Home
 
Choose Your City
Change City

The case for a liberal-arts degree

Debunking the myth of the burger-flipping philosophy major.
Skills like critical thinking, analysis, and creativity are increasingly important iniStock

With the consistent invocation that STEM careers hold the key to our nation’s future, the liberal arts degree has become branded as a useless and overpriced luxury — one that leaves students ill prepared to enter the workforce.

Republicans like Kentucky Gov. Matt Bevin have gone so far as to suggest the defunding of liberal-arts majors. Instead, the trend is that students be trained solely in the more elite and promising fields that make up the core of STEM: science, technology, engineering and mathematics.

And while the idea might be gaining momentum among the political elite, it’s entirely unfounded, explains Lynn Pasquerella, president of the Association for American Colleges and Universities.

“It’s the false narrative that’s created around English majors working at Starbucks or flipping burgers that we have to get rid of,” she explains.

In fact, the core skills liberal-arts students acquire have never been more relevant to the job market.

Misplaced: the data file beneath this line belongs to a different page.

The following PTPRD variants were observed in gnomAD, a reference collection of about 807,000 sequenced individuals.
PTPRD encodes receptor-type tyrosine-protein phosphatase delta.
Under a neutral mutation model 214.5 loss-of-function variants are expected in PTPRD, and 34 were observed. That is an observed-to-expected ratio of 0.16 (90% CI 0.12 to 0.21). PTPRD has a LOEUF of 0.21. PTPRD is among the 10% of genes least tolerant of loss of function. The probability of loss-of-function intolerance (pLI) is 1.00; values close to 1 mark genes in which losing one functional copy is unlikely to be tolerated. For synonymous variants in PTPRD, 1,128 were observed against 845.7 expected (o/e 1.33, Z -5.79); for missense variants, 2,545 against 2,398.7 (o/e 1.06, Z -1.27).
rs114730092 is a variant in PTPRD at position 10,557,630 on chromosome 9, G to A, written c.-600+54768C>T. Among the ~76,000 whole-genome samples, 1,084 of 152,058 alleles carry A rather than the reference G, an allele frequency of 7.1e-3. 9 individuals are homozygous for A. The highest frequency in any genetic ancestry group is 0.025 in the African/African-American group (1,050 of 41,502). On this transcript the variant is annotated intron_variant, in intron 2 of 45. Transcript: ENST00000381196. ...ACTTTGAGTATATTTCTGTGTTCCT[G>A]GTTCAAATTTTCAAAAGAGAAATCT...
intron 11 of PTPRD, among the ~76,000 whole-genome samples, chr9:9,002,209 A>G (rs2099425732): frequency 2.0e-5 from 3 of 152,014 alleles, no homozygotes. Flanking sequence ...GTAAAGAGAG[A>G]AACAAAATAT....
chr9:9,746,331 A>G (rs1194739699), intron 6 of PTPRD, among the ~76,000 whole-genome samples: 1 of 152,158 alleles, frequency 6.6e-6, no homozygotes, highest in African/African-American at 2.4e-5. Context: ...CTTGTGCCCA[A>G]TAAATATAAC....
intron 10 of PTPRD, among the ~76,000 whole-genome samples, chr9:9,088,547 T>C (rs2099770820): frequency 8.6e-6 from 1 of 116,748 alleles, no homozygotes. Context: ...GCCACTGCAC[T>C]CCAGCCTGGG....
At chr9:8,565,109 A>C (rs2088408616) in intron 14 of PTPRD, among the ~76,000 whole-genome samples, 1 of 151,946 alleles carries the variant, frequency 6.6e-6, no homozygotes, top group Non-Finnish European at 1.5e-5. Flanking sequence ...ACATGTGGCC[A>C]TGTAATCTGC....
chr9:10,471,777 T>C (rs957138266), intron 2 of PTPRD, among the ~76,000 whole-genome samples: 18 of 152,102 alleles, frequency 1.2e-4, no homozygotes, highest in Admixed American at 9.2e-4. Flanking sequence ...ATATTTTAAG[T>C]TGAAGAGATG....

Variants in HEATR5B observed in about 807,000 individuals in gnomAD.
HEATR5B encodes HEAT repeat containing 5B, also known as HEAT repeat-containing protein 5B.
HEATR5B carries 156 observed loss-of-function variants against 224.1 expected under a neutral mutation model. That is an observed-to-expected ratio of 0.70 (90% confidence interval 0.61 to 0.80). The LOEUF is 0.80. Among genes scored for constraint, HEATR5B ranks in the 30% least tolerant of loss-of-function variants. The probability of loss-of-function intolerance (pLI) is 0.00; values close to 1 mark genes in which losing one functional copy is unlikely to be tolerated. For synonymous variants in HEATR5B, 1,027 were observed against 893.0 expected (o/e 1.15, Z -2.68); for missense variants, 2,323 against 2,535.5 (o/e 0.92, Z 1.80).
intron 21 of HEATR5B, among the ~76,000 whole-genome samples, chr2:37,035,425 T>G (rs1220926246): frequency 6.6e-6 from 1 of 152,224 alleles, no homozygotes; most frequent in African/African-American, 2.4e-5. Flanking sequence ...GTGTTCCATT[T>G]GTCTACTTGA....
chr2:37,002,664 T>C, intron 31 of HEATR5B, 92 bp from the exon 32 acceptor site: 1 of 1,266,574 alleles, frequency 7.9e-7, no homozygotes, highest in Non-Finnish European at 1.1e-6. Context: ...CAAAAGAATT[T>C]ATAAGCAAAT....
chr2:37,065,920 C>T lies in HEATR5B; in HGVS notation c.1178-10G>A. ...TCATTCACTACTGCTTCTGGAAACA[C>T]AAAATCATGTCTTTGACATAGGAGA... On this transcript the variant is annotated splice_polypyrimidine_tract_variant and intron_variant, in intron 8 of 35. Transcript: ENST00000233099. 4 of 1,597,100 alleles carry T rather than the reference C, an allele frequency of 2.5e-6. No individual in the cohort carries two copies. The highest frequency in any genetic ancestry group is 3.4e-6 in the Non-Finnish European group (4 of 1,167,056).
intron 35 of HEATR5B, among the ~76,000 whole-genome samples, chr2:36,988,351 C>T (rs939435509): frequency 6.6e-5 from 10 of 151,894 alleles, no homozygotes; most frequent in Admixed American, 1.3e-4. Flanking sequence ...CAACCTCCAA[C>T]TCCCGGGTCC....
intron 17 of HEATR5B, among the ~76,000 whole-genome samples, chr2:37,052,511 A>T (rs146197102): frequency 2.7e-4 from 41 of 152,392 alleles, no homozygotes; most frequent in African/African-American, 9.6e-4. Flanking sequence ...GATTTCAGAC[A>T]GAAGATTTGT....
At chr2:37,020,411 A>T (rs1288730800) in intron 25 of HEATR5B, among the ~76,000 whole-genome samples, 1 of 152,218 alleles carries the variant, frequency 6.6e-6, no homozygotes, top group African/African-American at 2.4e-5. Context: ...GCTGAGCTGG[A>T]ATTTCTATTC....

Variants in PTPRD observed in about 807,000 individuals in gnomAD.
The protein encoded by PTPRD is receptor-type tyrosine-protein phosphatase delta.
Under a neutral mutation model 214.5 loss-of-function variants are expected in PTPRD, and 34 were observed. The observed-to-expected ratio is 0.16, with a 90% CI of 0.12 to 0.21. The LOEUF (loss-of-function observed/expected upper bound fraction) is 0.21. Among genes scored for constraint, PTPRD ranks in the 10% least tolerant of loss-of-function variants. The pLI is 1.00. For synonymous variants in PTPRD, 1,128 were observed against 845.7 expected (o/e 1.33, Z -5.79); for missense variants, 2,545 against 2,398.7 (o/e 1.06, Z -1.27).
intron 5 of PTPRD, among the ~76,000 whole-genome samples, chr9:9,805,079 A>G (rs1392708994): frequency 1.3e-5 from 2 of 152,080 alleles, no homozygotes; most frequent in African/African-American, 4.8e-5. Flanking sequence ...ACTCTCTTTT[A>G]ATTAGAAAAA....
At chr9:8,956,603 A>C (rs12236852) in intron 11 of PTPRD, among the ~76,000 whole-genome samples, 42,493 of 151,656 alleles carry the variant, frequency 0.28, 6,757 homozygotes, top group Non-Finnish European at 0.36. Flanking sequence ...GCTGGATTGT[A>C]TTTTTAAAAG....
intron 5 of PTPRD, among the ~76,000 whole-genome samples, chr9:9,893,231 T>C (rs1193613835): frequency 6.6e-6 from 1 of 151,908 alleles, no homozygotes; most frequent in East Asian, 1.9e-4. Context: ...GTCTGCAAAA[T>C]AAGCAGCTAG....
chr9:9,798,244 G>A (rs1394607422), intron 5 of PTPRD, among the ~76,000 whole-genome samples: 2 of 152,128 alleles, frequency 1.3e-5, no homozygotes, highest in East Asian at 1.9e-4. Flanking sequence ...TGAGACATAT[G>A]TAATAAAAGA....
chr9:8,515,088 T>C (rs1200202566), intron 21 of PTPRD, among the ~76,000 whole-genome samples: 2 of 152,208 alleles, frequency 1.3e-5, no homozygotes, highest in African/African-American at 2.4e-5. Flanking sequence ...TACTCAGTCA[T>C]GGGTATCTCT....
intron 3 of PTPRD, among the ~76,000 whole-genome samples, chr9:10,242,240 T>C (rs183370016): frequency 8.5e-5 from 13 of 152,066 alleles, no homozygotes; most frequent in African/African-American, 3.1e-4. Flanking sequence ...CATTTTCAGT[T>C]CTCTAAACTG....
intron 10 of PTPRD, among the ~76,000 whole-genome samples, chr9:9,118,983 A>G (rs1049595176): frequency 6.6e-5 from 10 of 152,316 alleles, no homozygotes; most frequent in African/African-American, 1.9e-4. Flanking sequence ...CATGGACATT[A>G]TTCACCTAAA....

A 2015 study by Burning Glass Technologies analyzed 25 million online job postings and found the highest demand by employers across all fields was for skills like writing, research, analysis critical thinking and creativity — essentially, the core tenets of liberal arts. Even for information technology jobs, a field most representative of STEM, communication and writing were the most sought-after soft skills.

In fact, a liberal-arts background is not only presently in demand — it represents a broad and portable skill set for the future, says Eric Jensen, director of the Frank Aydelotte Foundation for the Advancement of the Liberal Arts.

“We know that people don’t stay with the same job for as long as they used to,” he explains. “And so having these strong skills that aren’t tied to one specific job definitely serves people well.”

Plus, with automatization only increasing, so many of the jobs that we’re training the next generation for will be replaceable by technology, says Pasquerella.

But while computers might surpass humans in speed and accuracy, they’ll never be able to mirror their creative, innovative and social skills.

"We need a workforce that is going to be able to deal with a world’s unscripted problems and not just come up with solutions to problems which we already have the answers,” says Pasquerella. “So how do we anticipate the needs of the future — those unscripted problems — and prepare students for that? It’s only through a liberal arts education.”

 

Consider AlsoFurther Articles